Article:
Shame around sexuality is something institutionalized and ingrained at the very core of current day society. I’m not blind to the fact that I now live in a delightful bubble of sex-positive, open minded, accepting, and pretty rad people. Sadly, the majority of the world is not like this. For the majority of people alive today, there are many mixed messages about sex, that it is sinful and dirty, that it is something to use as a tool for power and control, that it makes it okay to objectify the human form, that it should be hidden and hushed, that it is something we are all supposed to do eventually and then be ashamed of immediately afterwards.

I sometimes wonder if my mother has ever had an orgasm, if the trauma of her own abuse has stood in the way of her ever experiencing sexual pleasure. I know my grandmother, on the other hand, was a very sexually astute woman- and she may have been bisexual. She taught me about what all the parts of my vagina were for when I was a kid (“And this is where special honey comes from, for the boy you marry”) She was prescribed the use of a WAHL personal massager by her physician as part of the treatment for her hysteria when she entered menopause. I have a foggy memory of my mother and grandmother arguing about the presence of this WAHL vibrator on my grandmother’s dressing table.

wahl

I came close to loosing my virginity a few times as a teenager, but held off. I was shy and afraid and had no idea what to do. I masturbated by myself plenty, and enjoyed it a lot, but had no idea how to share that experience with another person. My first attempt at penetrative sex was when I was 20, with my ex boyfriend Tony who I’d dated when I was thirteen and trusted immensely. It was awkward and weird (we both agree, looking back with the hindsight of experience) and I remember thinking “Is this it? Maybe my mother was right.”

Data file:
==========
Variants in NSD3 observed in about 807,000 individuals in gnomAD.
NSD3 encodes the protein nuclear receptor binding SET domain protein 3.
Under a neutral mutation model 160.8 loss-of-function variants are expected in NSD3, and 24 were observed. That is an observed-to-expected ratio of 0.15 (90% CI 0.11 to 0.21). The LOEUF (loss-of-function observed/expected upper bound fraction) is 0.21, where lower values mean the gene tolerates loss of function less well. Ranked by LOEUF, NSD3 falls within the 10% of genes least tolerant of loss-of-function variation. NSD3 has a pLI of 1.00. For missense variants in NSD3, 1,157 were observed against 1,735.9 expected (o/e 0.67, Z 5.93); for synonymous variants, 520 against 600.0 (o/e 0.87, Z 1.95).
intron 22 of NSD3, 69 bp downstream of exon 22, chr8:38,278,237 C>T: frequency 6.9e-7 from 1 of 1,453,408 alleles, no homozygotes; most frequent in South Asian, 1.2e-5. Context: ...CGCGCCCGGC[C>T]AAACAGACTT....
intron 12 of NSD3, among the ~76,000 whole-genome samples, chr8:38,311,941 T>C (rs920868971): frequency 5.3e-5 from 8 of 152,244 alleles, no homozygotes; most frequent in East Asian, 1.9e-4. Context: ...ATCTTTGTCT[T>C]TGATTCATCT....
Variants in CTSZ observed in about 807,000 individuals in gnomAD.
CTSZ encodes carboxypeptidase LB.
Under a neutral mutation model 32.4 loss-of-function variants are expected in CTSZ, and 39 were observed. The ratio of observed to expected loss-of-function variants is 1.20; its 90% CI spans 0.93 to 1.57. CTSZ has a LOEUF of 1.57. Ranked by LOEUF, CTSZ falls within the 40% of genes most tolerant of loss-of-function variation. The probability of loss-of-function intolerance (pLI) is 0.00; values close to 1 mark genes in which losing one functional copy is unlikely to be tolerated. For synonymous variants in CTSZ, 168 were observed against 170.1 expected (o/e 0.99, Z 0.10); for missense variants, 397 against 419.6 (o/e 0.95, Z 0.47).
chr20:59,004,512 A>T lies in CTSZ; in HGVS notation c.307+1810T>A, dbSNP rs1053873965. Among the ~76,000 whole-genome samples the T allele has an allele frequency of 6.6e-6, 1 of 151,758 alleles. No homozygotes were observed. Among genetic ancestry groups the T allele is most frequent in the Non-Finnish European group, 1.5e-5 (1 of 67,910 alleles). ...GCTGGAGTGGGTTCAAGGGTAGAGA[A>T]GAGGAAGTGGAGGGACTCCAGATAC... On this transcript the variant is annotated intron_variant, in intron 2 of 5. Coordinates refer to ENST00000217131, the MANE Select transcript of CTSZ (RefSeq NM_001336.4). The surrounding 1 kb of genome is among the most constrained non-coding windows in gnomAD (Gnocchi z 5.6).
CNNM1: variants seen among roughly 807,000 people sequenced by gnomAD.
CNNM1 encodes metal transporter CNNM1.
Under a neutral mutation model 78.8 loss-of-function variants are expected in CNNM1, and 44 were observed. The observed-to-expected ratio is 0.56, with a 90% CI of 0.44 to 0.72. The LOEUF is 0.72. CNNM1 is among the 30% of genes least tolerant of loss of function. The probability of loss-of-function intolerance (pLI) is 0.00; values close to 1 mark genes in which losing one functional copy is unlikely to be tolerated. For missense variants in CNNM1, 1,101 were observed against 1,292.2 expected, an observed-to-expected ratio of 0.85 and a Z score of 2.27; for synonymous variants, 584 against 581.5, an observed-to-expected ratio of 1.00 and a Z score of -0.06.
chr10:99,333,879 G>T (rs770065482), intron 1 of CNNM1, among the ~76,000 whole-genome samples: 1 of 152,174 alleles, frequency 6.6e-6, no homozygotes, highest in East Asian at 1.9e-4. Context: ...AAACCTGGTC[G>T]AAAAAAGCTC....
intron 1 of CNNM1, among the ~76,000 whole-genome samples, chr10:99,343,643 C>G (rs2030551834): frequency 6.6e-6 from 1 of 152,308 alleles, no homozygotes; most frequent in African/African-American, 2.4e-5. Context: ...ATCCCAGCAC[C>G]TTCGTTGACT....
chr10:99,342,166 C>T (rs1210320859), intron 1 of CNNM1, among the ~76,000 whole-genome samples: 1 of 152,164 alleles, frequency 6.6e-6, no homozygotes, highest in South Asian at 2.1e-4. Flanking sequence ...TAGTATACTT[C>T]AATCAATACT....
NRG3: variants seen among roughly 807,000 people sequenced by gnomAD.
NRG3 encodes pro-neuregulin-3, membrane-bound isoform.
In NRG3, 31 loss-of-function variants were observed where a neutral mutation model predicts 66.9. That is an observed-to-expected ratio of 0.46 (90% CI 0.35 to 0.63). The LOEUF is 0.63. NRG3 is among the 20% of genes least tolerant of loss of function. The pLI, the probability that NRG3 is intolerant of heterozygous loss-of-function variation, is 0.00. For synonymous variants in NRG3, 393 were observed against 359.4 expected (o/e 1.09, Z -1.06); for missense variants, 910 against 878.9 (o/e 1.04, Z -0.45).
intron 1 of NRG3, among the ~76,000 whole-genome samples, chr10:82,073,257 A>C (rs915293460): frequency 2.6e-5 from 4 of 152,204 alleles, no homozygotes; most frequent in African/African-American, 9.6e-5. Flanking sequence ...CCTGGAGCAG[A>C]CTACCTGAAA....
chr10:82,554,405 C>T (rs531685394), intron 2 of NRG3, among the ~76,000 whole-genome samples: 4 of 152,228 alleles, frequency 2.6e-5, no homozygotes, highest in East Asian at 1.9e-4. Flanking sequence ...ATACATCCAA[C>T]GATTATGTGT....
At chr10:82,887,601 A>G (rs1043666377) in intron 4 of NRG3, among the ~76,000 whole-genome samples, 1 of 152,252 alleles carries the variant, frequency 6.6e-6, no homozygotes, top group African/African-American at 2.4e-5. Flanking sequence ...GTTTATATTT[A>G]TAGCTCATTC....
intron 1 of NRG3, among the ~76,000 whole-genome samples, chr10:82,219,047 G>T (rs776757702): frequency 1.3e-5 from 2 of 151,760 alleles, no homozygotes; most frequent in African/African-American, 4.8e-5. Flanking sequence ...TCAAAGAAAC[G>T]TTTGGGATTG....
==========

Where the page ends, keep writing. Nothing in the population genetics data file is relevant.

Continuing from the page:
And then I ended up marrying the next guy I slept with. He knew how to play with my body and would let me masturbate to orgasm before we had sex, and that was a mind-blowing revelation for me. But, during my relationship with Finn, sex was often an obligation. “We should have more sex, we’re married,” was the line I often heard.  And so sex became a thing I’d do begrudgingly. Even when I didn’t want to. And I slowly began to close up my sexual expression.

The truth was, I was having fantasies I couldn’t fulfill with him. I was watching lesbian porn. I was watching kinky porn. I had desires to be tied up and to do the tying up. I wanted to experience giving another woman an orgasm, and to have sex with other men- and maybe several of them at once. Since adolescence I’d held fantasies of crazy group orgies, of being both the instigator of such events, and also the recipient of attention from multiple people simultaneously.

And Finn just wasn’t in to all that kinky stuff. Kinky for him was buying a “sensual cocoa butter massage bar” which did one thing only: stain our sheets.